In joint second place with scores of fifty-four were Julie Walker and David Woodthorpe and in joint third place were Ronnie Gilbert and Keith Snell with scores of fifty-two. In addition to Alan’s two top scoring prints, notable prints which achieved scores of nineteen were ‘Young Grizzly in Clover’ by Ronnie Gilbert:

‘Siberian Jay’ by Tony Marsh:

‘Autumn Beauty’ by Julie Walker and ‘Hare Brakes’ by David Woodthorpe:

After a break for refreshments, including some delicious cakes cooked by Marilyn Woodthorpe, the second half of the evening was devoted to the projected image entries. As with the prints, there was a wide range of photographic genres represented. The joint winners of the digital projected image section of the Portfolio of the Year competition were Richard Jakobson and Julie Walker, both of whom only dropped four points to achieve excellent scores of fifty-six. One of Richard’s projected images, entitled ‘Power on the Horizon, received a top score of twenty. This showed a very dramatic view of distant wind turbines out at sea under a threatening stormy sky:

In second place with a score of fifty-five was Alan Walker, closely followed by Ronnie Gilbert and David Woodthorpe in joint third place with scores of fifty-four. Within the projected images section, an image by Rosamund Macfarlane, entitled ‘Backlit Puffin’ was awarded a top score of twenty:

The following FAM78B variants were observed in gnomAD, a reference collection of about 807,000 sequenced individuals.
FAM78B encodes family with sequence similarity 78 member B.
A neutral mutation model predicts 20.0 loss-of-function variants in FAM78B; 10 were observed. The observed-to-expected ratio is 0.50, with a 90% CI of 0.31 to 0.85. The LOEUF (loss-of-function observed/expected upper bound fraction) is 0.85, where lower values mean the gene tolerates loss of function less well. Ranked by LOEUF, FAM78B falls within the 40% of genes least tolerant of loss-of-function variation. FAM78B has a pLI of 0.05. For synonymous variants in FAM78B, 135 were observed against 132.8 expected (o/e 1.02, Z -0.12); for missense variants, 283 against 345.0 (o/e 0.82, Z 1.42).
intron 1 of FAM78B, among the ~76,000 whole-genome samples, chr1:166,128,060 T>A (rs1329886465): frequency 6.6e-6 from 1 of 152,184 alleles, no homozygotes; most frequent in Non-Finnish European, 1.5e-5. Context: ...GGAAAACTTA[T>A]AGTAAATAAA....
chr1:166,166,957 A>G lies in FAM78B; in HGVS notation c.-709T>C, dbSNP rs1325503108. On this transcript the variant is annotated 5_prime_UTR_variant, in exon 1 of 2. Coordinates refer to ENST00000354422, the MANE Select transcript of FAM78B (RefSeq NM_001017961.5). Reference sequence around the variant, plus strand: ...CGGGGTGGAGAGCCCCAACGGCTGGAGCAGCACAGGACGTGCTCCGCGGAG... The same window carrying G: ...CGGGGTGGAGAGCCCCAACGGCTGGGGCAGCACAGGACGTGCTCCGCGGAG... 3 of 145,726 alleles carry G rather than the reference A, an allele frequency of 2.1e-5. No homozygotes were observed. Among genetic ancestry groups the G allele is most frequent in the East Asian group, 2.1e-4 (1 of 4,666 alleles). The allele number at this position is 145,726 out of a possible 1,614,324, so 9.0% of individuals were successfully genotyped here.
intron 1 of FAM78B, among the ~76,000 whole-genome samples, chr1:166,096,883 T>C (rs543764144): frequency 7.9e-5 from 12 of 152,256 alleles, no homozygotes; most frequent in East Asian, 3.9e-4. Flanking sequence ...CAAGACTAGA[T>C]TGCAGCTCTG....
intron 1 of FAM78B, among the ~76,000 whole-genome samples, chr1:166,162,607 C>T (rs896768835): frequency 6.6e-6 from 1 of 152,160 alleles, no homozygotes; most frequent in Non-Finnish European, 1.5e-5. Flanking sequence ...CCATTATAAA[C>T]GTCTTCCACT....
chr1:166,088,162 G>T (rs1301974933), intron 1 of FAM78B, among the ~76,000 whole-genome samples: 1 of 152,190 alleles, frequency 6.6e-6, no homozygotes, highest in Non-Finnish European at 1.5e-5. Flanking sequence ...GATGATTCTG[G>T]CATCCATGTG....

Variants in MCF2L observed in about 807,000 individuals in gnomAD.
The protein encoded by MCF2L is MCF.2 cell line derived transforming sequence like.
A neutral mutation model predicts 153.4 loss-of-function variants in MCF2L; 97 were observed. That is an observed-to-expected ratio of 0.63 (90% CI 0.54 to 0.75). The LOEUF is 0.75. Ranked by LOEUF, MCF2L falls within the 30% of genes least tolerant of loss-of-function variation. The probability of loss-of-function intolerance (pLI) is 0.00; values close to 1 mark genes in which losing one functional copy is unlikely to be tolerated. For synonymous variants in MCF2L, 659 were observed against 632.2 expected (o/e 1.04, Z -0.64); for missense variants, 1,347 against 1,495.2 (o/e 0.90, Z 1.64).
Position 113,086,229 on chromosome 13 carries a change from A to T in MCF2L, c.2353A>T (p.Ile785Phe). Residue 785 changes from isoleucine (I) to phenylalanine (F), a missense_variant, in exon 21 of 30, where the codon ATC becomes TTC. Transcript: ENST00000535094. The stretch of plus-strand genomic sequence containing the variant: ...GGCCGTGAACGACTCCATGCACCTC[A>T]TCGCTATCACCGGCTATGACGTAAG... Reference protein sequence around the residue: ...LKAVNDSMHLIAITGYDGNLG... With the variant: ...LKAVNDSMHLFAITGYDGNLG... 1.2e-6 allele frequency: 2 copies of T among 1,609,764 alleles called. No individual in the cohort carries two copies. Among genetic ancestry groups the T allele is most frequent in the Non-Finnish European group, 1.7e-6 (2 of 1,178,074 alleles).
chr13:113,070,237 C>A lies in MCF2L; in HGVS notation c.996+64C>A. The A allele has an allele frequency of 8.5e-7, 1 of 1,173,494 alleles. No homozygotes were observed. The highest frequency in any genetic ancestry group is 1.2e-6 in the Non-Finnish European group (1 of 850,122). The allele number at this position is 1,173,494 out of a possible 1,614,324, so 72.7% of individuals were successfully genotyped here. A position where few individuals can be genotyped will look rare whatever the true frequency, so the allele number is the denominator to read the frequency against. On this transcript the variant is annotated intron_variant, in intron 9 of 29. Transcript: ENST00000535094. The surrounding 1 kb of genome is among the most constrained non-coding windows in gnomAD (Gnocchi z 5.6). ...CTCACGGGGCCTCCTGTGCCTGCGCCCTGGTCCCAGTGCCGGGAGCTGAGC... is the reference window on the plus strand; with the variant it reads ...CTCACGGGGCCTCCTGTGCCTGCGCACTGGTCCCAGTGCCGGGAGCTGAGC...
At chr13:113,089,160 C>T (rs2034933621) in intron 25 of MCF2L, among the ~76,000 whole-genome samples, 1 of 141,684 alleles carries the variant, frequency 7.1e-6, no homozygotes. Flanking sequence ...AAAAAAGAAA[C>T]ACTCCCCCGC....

Seven other images received scores of nineteen. These were ‘Langdale’ by Julian Carnell:

‘Eagle Hunter and His Eagle’ by Ronnie Gilbert, ‘Deadvlei Milky Way’ by Richard Jakobson,  ‘Girl with Tattoos in the Red Hat’ by Alan Walker and ‘Sprinting Hare’ by David Woodthorpe, ‘Dreaming of Leaving’ and ‘Buachaille Etive Mor’ both by Julie Walker:

David Rayment thanked the judge for all his hard work judging the images.

This was the final indoor meeting of the season, although there is a three-day Society outing to Edinburgh taking place this week. Our next season begins on Wednesday 5th September at The Friends Meeting House, Elliott Park, Keswick, CA12. You will be most welcome to join us.

Tricia Rayment